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Help with air sealing our 1920s sill plate – and plans to finish the basement

homeowner007 | Posted in General Questions on

We’re finalizing the plan to finish the basement of our 1920s, 1,500 sqf, 2 stories, daylight basement in zone 4a. The plan is to lower the basement slab (requiring underpinning). We’ll also waterproof the exterior walls and add exterior insulation. We haven’t decided on the details yet – party because we haven’t found a reference assembly to guide us.

There isn’t a band joist per se in the assembly – instead, there is a 4” x 6” sill plate and the joists are notched to sit on the sill, next to the balloon frame studs. The sheathing is 1” t&g, with tar paper and lap siding. Eventually, we’ll update the siding assembly with a WRB (Henry Blueskin VP100) over the t&g sheathing, new siding, and dense pack in the walls – we’re holding off on defining the wall assembly further until we decide how to handle insulating and air sealing the basement as there are some dependencies between them.

The particular construction is illustrated in the following rendering and photos that I created for this post:

We’re looking for help on two major questions, but open to any thoughts you have.

1)    The CMU below grade is a smooth finished cinder block. ~6’ below grade assembly will probably get damp proofing, dimple mat, and 2.5″ of EPS. But we would like to preserve the ~3’ of split-faced cinderblock above grade – albeit with industrial epoxy paint to seal it.

Questions: Anything we should be concerned about if we don’t insulate the top ~3 feet of the basement wall? Any ideas on sealing the top of the edge of this assembly at grade?

2)    I’d like to reduce the stack effect and air leakage in the basement. I was thinking of using 2” THERMAX against the sill and firestop block with beads of canned foam. But even though I’ve seen 100’s of assembly illustrations I can’t confirm that this is going to work in our particular situation.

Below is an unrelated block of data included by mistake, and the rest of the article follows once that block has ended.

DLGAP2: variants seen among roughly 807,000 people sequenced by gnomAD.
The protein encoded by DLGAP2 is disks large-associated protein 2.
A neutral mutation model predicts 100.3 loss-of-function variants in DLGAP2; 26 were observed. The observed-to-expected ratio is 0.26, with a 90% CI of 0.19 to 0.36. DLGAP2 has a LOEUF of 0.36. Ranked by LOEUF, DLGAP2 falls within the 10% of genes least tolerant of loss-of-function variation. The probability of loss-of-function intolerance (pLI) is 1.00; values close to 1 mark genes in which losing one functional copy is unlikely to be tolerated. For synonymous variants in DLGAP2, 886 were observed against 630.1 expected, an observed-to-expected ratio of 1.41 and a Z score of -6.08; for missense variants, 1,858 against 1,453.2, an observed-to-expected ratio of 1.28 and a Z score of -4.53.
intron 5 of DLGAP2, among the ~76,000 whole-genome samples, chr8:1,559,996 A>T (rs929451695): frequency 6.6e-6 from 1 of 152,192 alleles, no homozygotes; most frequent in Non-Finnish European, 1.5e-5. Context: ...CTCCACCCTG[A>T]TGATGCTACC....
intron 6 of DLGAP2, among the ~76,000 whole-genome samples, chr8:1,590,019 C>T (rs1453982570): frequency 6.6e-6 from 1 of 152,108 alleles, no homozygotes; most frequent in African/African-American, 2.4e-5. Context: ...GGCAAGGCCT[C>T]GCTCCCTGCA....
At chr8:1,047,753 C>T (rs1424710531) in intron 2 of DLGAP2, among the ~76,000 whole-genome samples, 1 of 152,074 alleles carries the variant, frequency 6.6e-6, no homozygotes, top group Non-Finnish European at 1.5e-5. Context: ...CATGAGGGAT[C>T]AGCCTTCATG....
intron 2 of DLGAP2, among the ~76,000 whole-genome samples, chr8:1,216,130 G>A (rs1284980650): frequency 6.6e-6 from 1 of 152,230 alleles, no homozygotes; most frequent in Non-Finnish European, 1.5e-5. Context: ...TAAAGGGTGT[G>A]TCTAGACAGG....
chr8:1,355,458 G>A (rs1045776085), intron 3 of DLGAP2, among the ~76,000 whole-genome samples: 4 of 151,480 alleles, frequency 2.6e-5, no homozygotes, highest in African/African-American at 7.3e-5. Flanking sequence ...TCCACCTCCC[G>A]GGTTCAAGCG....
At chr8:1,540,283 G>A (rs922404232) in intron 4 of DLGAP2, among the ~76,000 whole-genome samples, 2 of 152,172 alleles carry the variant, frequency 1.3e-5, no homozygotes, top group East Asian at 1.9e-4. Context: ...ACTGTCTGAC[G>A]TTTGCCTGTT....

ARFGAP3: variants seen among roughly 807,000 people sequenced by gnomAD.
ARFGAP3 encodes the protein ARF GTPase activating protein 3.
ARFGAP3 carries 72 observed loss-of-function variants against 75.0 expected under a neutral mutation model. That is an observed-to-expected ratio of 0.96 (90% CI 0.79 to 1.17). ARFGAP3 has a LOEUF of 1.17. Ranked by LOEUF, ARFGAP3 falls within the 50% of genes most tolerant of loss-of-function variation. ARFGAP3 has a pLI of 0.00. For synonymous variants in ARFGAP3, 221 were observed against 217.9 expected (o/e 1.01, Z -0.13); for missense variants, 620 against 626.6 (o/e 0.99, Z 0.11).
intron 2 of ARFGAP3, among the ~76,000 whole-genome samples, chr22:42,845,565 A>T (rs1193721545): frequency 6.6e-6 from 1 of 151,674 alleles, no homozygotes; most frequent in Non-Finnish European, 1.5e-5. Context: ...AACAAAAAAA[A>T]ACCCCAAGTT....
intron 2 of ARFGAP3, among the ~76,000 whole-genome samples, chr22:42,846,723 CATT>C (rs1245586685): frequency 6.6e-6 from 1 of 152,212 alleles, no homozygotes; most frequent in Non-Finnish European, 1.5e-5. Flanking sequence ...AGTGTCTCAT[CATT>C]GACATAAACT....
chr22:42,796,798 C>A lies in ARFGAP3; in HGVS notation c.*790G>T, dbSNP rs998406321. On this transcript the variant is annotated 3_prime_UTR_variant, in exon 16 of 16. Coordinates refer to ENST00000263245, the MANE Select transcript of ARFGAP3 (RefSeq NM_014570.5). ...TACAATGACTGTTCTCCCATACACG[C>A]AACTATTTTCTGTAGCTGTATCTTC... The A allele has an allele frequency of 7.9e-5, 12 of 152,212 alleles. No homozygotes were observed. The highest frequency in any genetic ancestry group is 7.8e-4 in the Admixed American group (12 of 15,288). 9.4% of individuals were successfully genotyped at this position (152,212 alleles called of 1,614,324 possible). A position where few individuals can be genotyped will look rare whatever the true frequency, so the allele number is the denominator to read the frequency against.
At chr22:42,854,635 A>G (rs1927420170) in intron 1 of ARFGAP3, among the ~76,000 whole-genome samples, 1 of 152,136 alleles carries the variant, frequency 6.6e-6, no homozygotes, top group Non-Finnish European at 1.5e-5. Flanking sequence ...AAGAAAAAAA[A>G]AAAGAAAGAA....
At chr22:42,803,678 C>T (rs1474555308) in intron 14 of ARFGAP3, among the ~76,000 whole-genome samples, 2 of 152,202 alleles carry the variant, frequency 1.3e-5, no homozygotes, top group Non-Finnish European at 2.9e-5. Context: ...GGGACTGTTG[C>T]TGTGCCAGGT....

Questions: Is there any harm in sealing the inside of our sill with THERMAX before the new siding and WRB over the next year? Can we air seal around the sill and firestop from the inside, and fill the CMU cell voids? Or maybe wait to fill the CMU voids until the damp proofing is done? I’m concerned that we’re eliminating the ability for the wall to dry out – which could create issues we don’t have at this point.

Notes on the foundation and framing:

– 10 ½” cinderblock CMU foundation wall, cells are empty
– Finished depth of the foundation wall (after underpinning) will be ~6’
– New basement slab will have a VB and be insulated to R10
– Adding interior and replacing exterior drainage. Adding a sump pump

thanks in advance for your thoughts!

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  1. b_coplin | | #1

    I'll make a few comments to give your question a bump.

    Try to get a capillary break between the block foundation and the sill plate, no matter what you end up doing. If the sill plate is 3 feet above grade, your risk is probably fairly low, but it would be better to have a capillary break.

    It seems simpler to work from either the exterior or the interior, rather than trying to transition between the two. Exterior work will likely be more difficult and expensive, but probably work better. Interior work would be easier and preserve the above grade block look. Take a look at this for working from the interior:

    You have cinder block, which would allow you to use less expensive/carbon intense sheet goods on the interior, rather than the closed cell spray foam described in the article.